The cost varies depending on how long the procedure takes, the extent of the infection, and other factors. In general, a root canal is less expensive than a tooth extraction. You also don’t have to invest in a bridge or dental implant to replace the missing tooth after it is removed. Most root canals last a lifetime, ensuring you enjoy healthy teeth for years. With a 95% success rate, a root canal is a cost-effective treatment with excellent results.

What are the Signs of a Failed Root Canal?

Very rarely, a root canal may fail. The infection may not be removed entirely, or it may recur. If the crown or filling in the tooth isn’t correctly fitted, the root canal may fail. This can happen weeks, months, or years after the root canal is performed. Some of the signs of a failed root canal include:

  • Swelling around the tooth
  • Pimples or bubbles on the gums
  • Sensitivity when chewing
  • Abscesses near the damaged tooth
  • Swelling of the neck or face

If you experience any of these symptoms after your root canal has healed, please contact our office so we can evaluate the tooth and take action. Keep in mind that the vast majority of patients have no trouble after a root canal.

What Happens If My Root Canal Fails?

Most failed root canals can be corrected. It’s crucial to have an endodontist perform the procedure. They have greater expertise in treating infections, properly removing the pulp, and sealing the tooth. Other options include tooth extraction, but a second root canal is the most common and successful treatment, preserving the tooth’s structure and protecting against future problems.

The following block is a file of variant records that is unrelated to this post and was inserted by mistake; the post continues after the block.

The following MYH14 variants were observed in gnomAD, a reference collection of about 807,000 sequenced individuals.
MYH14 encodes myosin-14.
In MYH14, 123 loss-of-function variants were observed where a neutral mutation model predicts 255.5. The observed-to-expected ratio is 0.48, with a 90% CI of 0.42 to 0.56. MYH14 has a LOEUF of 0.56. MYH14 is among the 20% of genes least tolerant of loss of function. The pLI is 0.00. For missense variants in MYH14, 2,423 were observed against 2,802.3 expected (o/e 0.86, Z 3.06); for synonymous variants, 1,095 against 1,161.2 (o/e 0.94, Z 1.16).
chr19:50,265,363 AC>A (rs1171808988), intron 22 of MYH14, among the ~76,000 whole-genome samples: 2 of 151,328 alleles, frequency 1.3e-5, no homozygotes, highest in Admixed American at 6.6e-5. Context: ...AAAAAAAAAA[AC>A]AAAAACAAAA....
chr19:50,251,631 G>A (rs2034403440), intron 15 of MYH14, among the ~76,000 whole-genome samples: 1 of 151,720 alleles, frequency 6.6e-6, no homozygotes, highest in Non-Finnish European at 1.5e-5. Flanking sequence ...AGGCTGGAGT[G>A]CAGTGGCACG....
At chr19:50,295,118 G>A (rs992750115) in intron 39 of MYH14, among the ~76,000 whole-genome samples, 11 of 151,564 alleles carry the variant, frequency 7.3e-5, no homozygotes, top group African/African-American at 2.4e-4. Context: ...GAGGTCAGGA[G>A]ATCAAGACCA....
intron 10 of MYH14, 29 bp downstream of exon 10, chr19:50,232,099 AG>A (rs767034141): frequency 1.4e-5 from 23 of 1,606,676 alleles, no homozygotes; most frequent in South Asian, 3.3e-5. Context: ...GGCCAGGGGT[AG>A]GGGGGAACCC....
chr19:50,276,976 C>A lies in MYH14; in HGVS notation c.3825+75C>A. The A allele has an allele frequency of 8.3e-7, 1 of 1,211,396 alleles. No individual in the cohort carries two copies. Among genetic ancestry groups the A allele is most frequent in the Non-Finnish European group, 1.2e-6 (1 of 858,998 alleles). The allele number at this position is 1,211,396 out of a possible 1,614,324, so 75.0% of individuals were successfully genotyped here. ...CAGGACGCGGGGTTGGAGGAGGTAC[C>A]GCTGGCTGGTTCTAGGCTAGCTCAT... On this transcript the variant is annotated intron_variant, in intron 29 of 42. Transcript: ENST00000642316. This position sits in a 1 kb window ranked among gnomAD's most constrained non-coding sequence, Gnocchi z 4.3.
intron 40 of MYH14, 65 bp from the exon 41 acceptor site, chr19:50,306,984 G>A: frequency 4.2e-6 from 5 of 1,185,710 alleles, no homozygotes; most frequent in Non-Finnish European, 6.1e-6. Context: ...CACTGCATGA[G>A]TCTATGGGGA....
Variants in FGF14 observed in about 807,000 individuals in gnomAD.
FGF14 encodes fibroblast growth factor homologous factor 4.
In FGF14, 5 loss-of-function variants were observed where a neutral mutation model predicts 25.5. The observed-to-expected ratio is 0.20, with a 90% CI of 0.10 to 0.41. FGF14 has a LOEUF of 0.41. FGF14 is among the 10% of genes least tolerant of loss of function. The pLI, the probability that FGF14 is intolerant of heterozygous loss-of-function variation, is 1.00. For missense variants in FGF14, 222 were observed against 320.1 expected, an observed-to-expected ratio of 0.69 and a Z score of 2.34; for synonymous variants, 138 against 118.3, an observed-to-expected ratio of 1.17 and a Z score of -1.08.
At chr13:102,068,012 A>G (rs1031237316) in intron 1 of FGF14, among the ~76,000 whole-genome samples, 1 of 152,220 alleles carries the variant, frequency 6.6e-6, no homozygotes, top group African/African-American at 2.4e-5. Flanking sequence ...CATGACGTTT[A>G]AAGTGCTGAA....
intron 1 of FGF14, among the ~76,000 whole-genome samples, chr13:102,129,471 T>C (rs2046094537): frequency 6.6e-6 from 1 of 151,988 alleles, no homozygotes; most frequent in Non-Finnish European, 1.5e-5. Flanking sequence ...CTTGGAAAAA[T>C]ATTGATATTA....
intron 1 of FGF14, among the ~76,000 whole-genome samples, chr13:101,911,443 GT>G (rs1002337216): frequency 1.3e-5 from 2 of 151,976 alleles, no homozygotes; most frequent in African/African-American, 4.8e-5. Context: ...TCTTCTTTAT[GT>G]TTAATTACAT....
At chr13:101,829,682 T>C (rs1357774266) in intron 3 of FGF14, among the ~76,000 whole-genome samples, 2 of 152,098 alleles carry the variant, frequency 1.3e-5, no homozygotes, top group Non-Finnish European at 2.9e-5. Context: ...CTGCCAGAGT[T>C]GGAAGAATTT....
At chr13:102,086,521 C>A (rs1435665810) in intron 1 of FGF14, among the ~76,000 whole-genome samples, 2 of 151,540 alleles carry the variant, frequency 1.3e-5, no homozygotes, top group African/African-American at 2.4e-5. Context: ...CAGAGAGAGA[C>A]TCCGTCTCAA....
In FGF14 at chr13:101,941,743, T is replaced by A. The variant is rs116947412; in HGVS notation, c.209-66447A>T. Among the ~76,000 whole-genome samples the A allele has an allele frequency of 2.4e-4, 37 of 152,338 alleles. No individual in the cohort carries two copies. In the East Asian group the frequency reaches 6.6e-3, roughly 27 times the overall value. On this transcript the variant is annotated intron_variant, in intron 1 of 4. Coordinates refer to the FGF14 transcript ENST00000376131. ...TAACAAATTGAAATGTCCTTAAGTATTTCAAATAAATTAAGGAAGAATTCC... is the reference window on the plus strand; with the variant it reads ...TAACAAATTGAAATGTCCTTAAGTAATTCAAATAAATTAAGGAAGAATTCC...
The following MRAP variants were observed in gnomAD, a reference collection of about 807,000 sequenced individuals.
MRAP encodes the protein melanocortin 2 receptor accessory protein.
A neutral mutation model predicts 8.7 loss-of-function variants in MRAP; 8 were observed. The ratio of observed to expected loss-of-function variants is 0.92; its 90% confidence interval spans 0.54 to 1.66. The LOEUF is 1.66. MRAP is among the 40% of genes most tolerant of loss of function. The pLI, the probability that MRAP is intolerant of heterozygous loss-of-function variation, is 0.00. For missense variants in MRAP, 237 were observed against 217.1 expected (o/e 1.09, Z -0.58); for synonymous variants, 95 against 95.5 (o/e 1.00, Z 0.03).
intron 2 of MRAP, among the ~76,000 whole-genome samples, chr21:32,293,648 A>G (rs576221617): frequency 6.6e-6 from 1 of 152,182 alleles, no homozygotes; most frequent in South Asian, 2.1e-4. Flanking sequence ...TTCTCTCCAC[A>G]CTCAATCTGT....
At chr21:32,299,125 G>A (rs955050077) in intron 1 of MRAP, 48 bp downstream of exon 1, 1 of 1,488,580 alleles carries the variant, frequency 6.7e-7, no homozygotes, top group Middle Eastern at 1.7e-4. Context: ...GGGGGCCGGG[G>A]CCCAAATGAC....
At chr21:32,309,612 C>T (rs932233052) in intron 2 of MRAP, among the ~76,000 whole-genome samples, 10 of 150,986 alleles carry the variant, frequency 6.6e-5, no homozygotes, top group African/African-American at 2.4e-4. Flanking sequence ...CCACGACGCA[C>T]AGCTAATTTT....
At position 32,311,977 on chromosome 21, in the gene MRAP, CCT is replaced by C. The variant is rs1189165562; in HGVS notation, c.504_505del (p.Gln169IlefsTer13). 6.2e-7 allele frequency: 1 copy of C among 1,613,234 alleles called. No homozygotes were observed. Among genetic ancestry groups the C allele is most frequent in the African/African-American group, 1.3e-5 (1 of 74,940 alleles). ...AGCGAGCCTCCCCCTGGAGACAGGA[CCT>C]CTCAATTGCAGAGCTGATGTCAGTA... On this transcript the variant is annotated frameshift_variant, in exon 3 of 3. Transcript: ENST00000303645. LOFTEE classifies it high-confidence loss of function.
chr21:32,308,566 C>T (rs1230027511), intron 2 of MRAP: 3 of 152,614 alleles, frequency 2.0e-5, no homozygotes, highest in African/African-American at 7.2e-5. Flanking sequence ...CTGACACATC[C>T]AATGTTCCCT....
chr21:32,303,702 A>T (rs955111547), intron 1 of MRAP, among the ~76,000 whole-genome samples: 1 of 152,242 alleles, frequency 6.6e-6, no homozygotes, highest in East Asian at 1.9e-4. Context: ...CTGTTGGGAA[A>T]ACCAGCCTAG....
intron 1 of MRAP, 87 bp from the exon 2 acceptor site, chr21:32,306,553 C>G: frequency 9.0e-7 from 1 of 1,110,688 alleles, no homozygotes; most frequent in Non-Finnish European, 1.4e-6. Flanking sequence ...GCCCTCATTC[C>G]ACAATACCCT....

Are There Alternatives to a Root Canal?

When the dental pulp inside the tooth is compromised, a root canal is usually the best treatment option. Ignoring an infected tooth can lead to serious health consequences and the eventual loss of some or all of your teeth. The alternative is extracting the damaged tooth, but after having the tooth removed, you will need to have a dental implant or bridge crafted and implanted. This requires multiple appointments and a significantly higher cost.

Endodontic surgery involves the affected tooth and the surrounding gums and jawbone. If the damage to your tooth is severe, an apicoectomy, or root-end resection, may be needed. If the bone holding the tooth root in place is infected, an apicoectomy is done to remove the infection.

How Can I Prevent the Need for a Root Canal?

Root canals are needed when the tooth is damaged, leading to an infection in the tooth’s pulp. To avoid infection, take proper care of your teeth, including regular brushing and flossing. You should avoid foods that could chip or crack your teeth. This includes chewing on ice and hard candies. Sugary, sticky foods can linger on your teeth and gums, leading to cavities that result in a damaged pulp and infection. When participating in sports, always protect your teeth with a mouthguard to prevent a broken or cracked tooth. Finally, regular dental checkups are essential to catch any potential problems early on and treat them before they lead to infection and the need for a root canal.